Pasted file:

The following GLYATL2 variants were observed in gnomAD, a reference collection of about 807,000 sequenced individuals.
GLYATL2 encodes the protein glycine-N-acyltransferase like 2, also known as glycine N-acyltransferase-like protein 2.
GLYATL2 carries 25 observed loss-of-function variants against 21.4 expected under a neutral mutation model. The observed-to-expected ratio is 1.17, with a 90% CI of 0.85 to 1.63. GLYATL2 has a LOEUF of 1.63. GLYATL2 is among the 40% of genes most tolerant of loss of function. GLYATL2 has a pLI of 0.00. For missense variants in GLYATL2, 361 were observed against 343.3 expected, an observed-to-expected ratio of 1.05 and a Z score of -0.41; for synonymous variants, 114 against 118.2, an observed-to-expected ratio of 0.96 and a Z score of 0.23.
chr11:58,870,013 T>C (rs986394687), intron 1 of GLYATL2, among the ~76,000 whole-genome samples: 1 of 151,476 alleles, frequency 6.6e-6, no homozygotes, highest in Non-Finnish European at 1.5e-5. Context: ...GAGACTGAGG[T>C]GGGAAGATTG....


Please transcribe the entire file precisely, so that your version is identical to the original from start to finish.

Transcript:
The following GLYATL2 variants were observed in gnomAD, a reference collection of about 807,000 sequenced individuals.
GLYATL2 encodes the protein glycine-N-acyltransferase like 2, also known as glycine N-acyltransferase-like protein 2.
GLYATL2 carries 25 observed loss-of-function variants against 21.4 expected under a neutral mutation model. The observed-to-expected ratio is 1.17, with a 90% CI of 0.85 to 1.63. GLYATL2 has a LOEUF of 1.63. GLYATL2 is among the 40% of genes most tolerant of loss of function. GLYATL2 has a pLI of 0.00. For missense variants in GLYATL2, 361 were observed against 343.3 expected, an observed-to-expected ratio of 1.05 and a Z score of -0.41; for synonymous variants, 114 against 118.2, an observed-to-expected ratio of 0.96 and a Z score of 0.23.
chr11:58,870,013 T>C (rs986394687), intron 1 of GLYATL2, among the ~76,000 whole-genome samples: 1 of 151,476 alleles, frequency 6.6e-6, no homozygotes, highest in Non-Finnish European at 1.5e-5. Context: ...GAGACTGAGG[T>C]GGGAAGATTG....